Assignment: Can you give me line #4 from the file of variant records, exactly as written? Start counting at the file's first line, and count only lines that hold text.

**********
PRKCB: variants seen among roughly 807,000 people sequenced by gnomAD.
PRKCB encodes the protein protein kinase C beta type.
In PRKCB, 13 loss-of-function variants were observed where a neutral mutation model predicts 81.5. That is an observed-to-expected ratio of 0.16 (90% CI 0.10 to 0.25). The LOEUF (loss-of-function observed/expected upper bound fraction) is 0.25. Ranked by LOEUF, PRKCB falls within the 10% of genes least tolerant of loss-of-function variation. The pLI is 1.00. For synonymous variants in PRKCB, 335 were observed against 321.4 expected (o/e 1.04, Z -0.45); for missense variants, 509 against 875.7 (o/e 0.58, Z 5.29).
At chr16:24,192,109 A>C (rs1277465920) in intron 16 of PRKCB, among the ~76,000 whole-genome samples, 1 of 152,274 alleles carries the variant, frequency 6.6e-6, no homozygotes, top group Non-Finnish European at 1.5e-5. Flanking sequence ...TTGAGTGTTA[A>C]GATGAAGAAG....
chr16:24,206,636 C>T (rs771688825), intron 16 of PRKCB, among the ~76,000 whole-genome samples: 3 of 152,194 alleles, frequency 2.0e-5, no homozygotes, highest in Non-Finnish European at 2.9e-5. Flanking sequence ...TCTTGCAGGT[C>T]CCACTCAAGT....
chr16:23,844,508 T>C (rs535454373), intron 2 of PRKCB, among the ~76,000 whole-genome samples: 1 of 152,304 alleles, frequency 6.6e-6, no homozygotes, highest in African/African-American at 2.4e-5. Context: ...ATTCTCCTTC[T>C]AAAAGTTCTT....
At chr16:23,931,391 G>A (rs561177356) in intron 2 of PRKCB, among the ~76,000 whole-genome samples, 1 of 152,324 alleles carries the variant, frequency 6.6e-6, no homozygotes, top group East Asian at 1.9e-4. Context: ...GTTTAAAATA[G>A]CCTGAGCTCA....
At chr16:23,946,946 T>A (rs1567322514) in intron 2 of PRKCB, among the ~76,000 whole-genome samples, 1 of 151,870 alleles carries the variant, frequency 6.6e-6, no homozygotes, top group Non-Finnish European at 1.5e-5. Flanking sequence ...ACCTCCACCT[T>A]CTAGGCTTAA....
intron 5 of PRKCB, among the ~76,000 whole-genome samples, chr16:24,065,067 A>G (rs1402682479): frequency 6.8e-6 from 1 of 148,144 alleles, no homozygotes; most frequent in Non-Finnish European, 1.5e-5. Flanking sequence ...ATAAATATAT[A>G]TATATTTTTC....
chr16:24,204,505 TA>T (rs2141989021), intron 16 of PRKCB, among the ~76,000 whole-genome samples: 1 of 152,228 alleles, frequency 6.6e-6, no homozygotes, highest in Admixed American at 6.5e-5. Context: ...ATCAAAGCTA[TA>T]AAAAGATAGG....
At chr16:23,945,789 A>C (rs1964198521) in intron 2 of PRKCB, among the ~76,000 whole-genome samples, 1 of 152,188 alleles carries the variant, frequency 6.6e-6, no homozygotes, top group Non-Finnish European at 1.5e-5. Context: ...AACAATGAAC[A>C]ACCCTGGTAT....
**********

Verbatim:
At chr16:24,192,109 A>C (rs1277465920) in intron 16 of PRKCB, among the ~76,000 whole-genome samples, 1 of 152,274 alleles carries the variant, frequency 6.6e-6, no homozygotes, top group Non-Finnish European at 1.5e-5. Flanking sequence ...TTGAGTGTTA[A>C]GATGAAGAAG....